Field of Science

The Microzetid Enigma

The armoured mites of the Oribatida include their fair share of ornately ornamented species but perhaps the most grotesque of all are to be found under members of the family Microzetidae. These typically fairly small oribatids (the average size is about a third of a millimetre) are primarily found in soil and litter deposits around the world. They include a handful of species found in the far north but are primarily found in warmer regions with the greatest known diversity in the Neotropics (Woas 2002).

Dorsal, ventral and lateral views of Acaroceras galapagoensis, from Heinrich Schatz & Jose Palacios-Vargas.

The microzetids are primarily distinguished by elaborate outgrowths of the cuticle around the front of the body. In many oribatids, a pair of thin lamellae run down either side of the prodorsum (the part of a mite that might at first glance be taken for the 'head'). In microzetids, these lamellae have become massively enlarged and detached from the prodorsum over much of their length. As a result, they form a kind of hood over the front of the body. They are flanked on either side by similar lateral extensions called tutoria. The prodorsum as a whole is often remarkably large compared to the rear part of the dorsum, the notogaster. Indeed, the notogaster is often as wide as or wider than it is long. A pair of wing-like extensions, pteromorphs, extend on either side of the front of the notogaster; in microzetids, the pteromorphs are typically sharply pointed. To top all these excrescences off, the insertions of the first pair of legs are also shielded by well-developed flanges called pedotecta.

What, if anything, is the purpose of all these anatomical extravagances is a question I am unable to answer: whether they are related in some way to defense or water retention, for instance. They also make it difficult to understand the position of microzetids relative to other oribatids. The presence of pteromorphs has commonly been thought characteristic of a group of oribatids that have been referred to as the Poronoticae. However, microzetids lack any sign of another distinctive feature of poronotic oribatids: the array of glandular openings on the cuticle known as the octotaxic system. Some oribatids are known to have reduced octotaxic systems, and microzetids do bear a certain resemblance to a definitely poronotic family in the Oribatellidae, so it is possible they represent poronotic mites in which the octotaxic system has been lost. However, other features of microzetids further support affinities outside the Poronoticae. In particular, nymphs of microzetids carry scalps. As they moult from one instar to the next, the shed cuticle of the notogaster is retained in place like a cap. Over successive instars, this cap becomes a stack of scalps that potentially assist in defence (a would-be predator attempting to grab onto the notogaster finds itself holding only an empty scalp). This is generally thought to be a primitive bahaviour that was lost in the ancestor of the poronotics. So are the microzetids primitive relatives of the poronotics, descended from ancestors that had acquired pteromorphs but not yet lost the scalp-carrying habit? Are they derived poronotics that eschewed the octotaxic system and taken up their scalps once more? Further research into oribatid phylogeny is needed to know.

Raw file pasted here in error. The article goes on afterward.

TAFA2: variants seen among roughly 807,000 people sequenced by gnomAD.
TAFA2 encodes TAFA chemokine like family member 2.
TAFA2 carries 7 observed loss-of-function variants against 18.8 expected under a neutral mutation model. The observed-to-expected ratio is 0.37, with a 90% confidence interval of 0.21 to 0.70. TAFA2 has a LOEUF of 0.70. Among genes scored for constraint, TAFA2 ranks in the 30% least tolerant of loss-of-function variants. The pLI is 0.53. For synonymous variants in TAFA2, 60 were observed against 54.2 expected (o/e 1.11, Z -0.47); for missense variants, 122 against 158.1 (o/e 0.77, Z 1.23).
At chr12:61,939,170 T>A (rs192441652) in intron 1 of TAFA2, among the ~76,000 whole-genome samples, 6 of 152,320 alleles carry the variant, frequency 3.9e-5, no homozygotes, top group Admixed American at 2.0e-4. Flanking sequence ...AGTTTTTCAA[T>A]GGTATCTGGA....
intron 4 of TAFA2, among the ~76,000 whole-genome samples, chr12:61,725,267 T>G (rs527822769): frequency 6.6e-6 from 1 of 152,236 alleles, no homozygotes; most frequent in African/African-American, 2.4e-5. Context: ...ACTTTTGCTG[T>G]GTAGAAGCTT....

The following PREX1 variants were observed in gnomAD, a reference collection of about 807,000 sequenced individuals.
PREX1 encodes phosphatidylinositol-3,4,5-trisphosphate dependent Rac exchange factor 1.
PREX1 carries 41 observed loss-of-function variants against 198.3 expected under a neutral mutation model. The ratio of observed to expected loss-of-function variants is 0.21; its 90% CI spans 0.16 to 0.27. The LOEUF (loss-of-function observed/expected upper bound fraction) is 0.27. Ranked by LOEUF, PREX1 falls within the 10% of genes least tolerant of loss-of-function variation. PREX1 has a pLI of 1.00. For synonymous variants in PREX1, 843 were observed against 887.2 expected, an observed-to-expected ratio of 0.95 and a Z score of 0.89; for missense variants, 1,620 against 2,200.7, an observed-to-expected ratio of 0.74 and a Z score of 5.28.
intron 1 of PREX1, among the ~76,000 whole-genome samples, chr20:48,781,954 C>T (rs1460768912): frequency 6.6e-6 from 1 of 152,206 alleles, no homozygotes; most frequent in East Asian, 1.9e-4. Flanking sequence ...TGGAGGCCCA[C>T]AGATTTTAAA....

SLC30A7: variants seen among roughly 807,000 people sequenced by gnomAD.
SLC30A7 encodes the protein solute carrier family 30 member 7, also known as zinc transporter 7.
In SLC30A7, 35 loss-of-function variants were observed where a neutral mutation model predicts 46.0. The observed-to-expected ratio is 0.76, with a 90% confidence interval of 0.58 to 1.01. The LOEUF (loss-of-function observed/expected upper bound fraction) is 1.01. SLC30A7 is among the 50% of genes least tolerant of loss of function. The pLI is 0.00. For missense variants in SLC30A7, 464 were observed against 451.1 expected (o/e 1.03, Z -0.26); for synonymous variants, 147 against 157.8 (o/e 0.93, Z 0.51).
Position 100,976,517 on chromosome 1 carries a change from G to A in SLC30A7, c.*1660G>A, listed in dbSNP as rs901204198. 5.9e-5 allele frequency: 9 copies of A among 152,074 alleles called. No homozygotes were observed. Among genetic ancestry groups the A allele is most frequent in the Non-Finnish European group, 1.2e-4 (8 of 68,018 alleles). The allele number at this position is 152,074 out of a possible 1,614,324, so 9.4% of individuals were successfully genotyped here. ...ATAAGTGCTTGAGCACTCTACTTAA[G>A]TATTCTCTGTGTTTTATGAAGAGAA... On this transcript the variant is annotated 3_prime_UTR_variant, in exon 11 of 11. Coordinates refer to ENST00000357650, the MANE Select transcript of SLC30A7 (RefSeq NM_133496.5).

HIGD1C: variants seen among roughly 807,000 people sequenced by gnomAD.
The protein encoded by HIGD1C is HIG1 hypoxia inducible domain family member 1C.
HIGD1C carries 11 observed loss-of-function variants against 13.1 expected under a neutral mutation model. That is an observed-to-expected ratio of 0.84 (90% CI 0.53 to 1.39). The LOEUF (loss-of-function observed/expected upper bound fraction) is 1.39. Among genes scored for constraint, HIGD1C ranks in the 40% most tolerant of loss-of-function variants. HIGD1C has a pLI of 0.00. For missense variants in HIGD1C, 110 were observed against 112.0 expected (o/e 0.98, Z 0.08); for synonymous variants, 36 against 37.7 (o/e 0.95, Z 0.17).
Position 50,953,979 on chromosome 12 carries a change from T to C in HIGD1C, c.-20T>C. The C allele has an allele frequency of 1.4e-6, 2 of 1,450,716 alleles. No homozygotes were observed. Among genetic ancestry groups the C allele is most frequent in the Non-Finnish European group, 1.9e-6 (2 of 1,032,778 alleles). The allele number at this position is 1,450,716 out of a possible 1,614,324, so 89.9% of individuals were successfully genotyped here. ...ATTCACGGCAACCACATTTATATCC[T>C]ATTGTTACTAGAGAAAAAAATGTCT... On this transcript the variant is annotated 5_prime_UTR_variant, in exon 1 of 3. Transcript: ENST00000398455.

Woas, S. 2002. Acari: Oribatida. In: Adis, J. (ed.) Amazonian Arachnida and Myriapoda: Identification keys to all classes, orders, families, some genera, and lists of known terrestrial species pp. 21–291. Pensoft: Sofia.

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